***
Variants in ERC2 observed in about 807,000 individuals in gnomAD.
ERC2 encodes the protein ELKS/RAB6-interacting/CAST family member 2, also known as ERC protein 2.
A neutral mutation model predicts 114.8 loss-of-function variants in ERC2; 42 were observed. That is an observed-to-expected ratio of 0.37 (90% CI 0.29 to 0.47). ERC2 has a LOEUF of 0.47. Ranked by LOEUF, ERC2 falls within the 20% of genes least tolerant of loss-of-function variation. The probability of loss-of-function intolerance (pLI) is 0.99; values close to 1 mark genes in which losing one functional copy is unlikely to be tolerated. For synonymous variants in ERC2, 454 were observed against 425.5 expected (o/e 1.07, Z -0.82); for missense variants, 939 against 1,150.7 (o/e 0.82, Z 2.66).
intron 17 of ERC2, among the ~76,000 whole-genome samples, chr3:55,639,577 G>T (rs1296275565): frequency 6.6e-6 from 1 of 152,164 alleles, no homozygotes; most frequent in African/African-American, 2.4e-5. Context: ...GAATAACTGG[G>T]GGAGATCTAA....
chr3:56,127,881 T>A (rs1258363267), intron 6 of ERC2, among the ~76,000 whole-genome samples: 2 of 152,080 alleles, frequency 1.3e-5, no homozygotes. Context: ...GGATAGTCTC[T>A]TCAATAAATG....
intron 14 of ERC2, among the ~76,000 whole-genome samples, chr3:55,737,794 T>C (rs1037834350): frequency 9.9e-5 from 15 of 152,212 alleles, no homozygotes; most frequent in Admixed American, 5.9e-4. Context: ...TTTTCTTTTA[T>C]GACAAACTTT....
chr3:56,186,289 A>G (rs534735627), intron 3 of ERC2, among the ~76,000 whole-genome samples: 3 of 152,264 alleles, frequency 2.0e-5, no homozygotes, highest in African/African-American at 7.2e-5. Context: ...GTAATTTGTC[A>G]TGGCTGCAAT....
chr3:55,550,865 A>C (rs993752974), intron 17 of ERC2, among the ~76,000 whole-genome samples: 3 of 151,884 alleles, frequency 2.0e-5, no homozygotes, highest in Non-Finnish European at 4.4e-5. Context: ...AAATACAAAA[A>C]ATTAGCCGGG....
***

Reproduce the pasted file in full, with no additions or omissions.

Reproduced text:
Variants in ERC2 observed in about 807,000 individuals in gnomAD.
ERC2 encodes the protein ELKS/RAB6-interacting/CAST family member 2, also known as ERC protein 2.
A neutral mutation model predicts 114.8 loss-of-function variants in ERC2; 42 were observed. That is an observed-to-expected ratio of 0.37 (90% CI 0.29 to 0.47). ERC2 has a LOEUF of 0.47. Ranked by LOEUF, ERC2 falls within the 20% of genes least tolerant of loss-of-function variation. The probability of loss-of-function intolerance (pLI) is 0.99; values close to 1 mark genes in which losing one functional copy is unlikely to be tolerated. For synonymous variants in ERC2, 454 were observed against 425.5 expected (o/e 1.07, Z -0.82); for missense variants, 939 against 1,150.7 (o/e 0.82, Z 2.66).
intron 17 of ERC2, among the ~76,000 whole-genome samples, chr3:55,639,577 G>T (rs1296275565): frequency 6.6e-6 from 1 of 152,164 alleles, no homozygotes; most frequent in African/African-American, 2.4e-5. Context: ...GAATAACTGG[G>T]GGAGATCTAA....
chr3:56,127,881 T>A (rs1258363267), intron 6 of ERC2, among the ~76,000 whole-genome samples: 2 of 152,080 alleles, frequency 1.3e-5, no homozygotes. Context: ...GGATAGTCTC[T>A]TCAATAAATG....
intron 14 of ERC2, among the ~76,000 whole-genome samples, chr3:55,737,794 T>C (rs1037834350): frequency 9.9e-5 from 15 of 152,212 alleles, no homozygotes; most frequent in Admixed American, 5.9e-4. Context: ...TTTTCTTTTA[T>C]GACAAACTTT....
chr3:56,186,289 A>G (rs534735627), intron 3 of ERC2, among the ~76,000 whole-genome samples: 3 of 152,264 alleles, frequency 2.0e-5, no homozygotes, highest in African/African-American at 7.2e-5. Context: ...GTAATTTGTC[A>G]TGGCTGCAAT....
chr3:55,550,865 A>C (rs993752974), intron 17 of ERC2, among the ~76,000 whole-genome samples: 3 of 151,884 alleles, frequency 2.0e-5, no homozygotes, highest in Non-Finnish European at 4.4e-5. Context: ...AAATACAAAA[A>C]ATTAGCCGGG....